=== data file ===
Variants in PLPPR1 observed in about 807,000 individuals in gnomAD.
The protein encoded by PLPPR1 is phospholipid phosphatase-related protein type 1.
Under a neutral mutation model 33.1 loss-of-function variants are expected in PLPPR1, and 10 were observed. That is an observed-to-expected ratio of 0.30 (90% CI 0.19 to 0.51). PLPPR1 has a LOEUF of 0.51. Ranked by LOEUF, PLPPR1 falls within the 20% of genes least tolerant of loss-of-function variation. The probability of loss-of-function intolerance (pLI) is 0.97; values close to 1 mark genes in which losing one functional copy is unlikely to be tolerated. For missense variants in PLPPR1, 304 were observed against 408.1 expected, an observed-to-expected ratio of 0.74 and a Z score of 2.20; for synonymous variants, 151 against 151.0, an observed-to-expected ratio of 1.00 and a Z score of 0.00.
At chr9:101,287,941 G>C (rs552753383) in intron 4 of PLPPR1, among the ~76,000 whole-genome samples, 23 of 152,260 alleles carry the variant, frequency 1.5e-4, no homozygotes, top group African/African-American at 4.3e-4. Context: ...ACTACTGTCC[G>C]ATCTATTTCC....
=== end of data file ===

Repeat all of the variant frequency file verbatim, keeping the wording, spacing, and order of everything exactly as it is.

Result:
Variants in PLPPR1 observed in about 807,000 individuals in gnomAD.
The protein encoded by PLPPR1 is phospholipid phosphatase-related protein type 1.
Under a neutral mutation model 33.1 loss-of-function variants are expected in PLPPR1, and 10 were observed. That is an observed-to-expected ratio of 0.30 (90% CI 0.19 to 0.51). PLPPR1 has a LOEUF of 0.51. Ranked by LOEUF, PLPPR1 falls within the 20% of genes least tolerant of loss-of-function variation. The probability of loss-of-function intolerance (pLI) is 0.97; values close to 1 mark genes in which losing one functional copy is unlikely to be tolerated. For missense variants in PLPPR1, 304 were observed against 408.1 expected, an observed-to-expected ratio of 0.74 and a Z score of 2.20; for synonymous variants, 151 against 151.0, an observed-to-expected ratio of 1.00 and a Z score of 0.00.
At chr9:101,287,941 G>C (rs552753383) in intron 4 of PLPPR1, among the ~76,000 whole-genome samples, 23 of 152,260 alleles carry the variant, frequency 1.5e-4, no homozygotes, top group African/African-American at 4.3e-4. Context: ...ACTACTGTCC[G>C]ATCTATTTCC....